Item description for Shaping the Stuart World, 1603-1714: The Atlantic Connection (The Atlantic World, 5) by Allan I. Macinnes...
During the past few years it has become fashionable to speak of the "British Atlantic" and examine the Anglophone communities that came to populate it shores. This collection of essays undertakes something quite different. It examines the wide-ranging European interaction inherent in British expansion and discovers a multi-dimensional, multi-national Atlantic as a result. Spain, Sweden, and above all the Netherlands emerge as central to English and Scottish endeavors overseas and to the extremely diverse populations and cultures that eventually came to be known as British North America. This approach has led to a much richer and compelling picture of the early modern Atlantic world.
The essays show the period to be one of collaboration as well as competition and conflict. They reveal far-reaching cultural, economic, and social interpenetration. Today's nationalist and ethnic preoccupations will find little comfort from them. The world they described is far too complex to fit the easy if stylish pattern of Edward Said's "orientalizing." The result has been a book at once highly significant and immediately topical.
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Studio: Brill Academic Publishers
Est. Packaging Dimensions: Length: 9.6" Width: 6.5" Height: 1.2" Weight: 1.9 lbs.
Release Date Dec 1, 2005
Publisher Brill Academic Publishers
ISBN 900414711X ISBN13 9789004147119
Availability 0 units.
More About Allan I. Macinnes
Allan Macinnes is Burnett-Fletcher Professor of History at the University of Aberdeen. He has published extensively on Covenants, Clans and Clearances, British State Formation and Jacobitism. His previous publications include Clanship, Commerce and the House of Stuart, 1603 1788 (1996) and, as co-editor with A. H. Williamson, Shaping the Stuart World, 1603 1714: the American Connection (2006).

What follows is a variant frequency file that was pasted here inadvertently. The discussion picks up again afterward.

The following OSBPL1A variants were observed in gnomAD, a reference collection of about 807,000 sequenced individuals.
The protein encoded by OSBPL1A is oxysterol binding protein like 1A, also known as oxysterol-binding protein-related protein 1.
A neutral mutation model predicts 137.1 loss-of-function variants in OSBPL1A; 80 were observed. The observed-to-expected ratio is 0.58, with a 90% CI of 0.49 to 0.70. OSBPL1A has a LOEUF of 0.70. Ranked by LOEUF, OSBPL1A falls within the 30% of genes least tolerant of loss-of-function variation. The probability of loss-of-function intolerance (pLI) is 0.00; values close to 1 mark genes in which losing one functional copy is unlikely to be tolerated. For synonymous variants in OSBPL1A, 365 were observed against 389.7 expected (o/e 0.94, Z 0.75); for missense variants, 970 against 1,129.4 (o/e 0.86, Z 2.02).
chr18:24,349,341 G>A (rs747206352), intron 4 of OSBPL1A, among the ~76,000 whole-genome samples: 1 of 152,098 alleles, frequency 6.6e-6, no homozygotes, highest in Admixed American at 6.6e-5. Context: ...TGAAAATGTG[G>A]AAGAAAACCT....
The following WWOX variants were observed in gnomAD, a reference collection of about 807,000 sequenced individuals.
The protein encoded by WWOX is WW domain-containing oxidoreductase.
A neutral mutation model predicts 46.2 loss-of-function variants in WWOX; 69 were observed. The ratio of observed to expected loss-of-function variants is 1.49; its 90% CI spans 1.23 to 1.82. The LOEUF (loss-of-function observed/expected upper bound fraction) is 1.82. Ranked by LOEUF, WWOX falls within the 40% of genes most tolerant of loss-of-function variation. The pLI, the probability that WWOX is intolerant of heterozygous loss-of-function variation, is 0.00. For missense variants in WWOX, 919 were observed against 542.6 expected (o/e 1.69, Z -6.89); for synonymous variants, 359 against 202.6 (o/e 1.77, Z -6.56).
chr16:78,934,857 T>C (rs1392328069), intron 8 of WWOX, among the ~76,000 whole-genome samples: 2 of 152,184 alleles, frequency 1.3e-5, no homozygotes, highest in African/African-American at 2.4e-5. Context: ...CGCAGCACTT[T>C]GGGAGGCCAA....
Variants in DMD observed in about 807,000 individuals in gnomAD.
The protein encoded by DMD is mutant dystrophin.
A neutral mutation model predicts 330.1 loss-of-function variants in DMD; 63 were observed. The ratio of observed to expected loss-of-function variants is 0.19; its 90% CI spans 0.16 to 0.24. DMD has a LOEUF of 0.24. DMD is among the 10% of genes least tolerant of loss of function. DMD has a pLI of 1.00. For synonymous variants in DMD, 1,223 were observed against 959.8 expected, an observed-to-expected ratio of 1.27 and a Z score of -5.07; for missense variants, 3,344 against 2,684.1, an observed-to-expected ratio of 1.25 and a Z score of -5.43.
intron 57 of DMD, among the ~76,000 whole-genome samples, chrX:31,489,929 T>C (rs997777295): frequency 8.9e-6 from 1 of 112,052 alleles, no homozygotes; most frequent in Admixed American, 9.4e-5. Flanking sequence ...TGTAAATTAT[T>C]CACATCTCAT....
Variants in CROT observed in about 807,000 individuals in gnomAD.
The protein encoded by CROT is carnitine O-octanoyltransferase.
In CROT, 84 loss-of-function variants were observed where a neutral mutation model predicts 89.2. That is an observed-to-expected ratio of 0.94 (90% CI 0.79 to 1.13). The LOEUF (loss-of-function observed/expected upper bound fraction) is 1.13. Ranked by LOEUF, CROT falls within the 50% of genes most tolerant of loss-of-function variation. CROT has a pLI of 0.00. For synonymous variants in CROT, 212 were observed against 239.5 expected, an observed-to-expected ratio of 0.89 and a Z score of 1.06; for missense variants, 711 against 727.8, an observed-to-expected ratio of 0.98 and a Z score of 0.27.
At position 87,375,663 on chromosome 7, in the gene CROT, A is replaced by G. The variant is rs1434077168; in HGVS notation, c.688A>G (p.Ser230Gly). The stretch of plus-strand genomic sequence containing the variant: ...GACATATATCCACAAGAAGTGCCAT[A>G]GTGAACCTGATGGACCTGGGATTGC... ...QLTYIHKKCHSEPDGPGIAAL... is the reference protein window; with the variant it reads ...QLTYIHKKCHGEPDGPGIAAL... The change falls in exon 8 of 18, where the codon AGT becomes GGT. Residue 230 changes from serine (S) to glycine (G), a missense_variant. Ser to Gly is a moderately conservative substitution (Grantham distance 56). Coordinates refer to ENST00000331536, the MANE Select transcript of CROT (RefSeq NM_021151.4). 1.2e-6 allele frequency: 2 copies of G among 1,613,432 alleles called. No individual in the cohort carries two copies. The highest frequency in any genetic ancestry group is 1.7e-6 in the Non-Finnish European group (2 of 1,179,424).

Allan I. MacInnes has an academic affiliation as follows - University of Aberdeen.
Reviews - What do customers think about Shaping the Stuart World, 1603-1714: The Atlantic Connection (The Atlantic World, 5)?
Little known History of Early America and Europe Apr 19, 2006
Shaping the Stewart World: 1603-1714 The Atlantic Connection Edited By Allan I. Macinnes and Arthur H. Williamson
2006: Brill Academic Publishers
Reviewed by FoundersofAmerica.org
Shakespeare first mentions "America" in his play, Comedy of Errors, perhaps ten years before the reign of the Stuarts, demonstrating that America was already well established in the minds of the average London theater-goer. If even the "goundlings" heard of the largely unknown land, policy makers and capitalists were well aware that a share of America's wealth could be theirs with investment, determination, and perhaps some species of war. What those with an eye to the New World could not know was what would happen to Europe through interaction with, and competition for, America. Happily, Shaping the Stuart World: 1603-1714 The Atlantic Connection begins to fill in this intriguing story of early American-European history.
Shaping the Stuart World reveals deep understanding of a subject often ignored in America through several essays by leading academics from both the United States and Europe. Resulting from two international conferences, the collected works offers political and social explanations to questions overlooked by most narrative histories and even merely touched upon in the university classroom.
Visitors to FoundersofAmerica.org will appreciate that a significant portion of the work deals with Virginia in the swirl of political, religious and social ferment of the early 17th century. This is not to say the work has a parochial approach, indeed, it may be defined by its amazing topical sweep while offering impressive academic depth.
One hopes that the contributing scholars at the conferences that helped to inspire these works managed to have some fun while they wrestled with the themes found within Shaping the Stuart World. `Civilizing Society, Reconfiguring Polities', `Transferring Texts and Traditions', `The Dutch Connection', and "Power and Settlement' set the major themes for the work. Perhaps most unexplored for the American reader is the Dutch connection with America and its importance to the growth of American/European commerce and social development.
It should not be a surprise that Dutch scholarship is well represented in this work. Brill Academic Publishers is headquartered in the Netherlands. As well, it is a pleasant discovery that books are still printed with such precision and bound so exquisitely as is Shaping the Stuart World. For those who appreciate beautiful books with pleasing, serendipitous design flourishes that also contain brilliant and insightful scholarship, Shaping the Stuart World must be owned.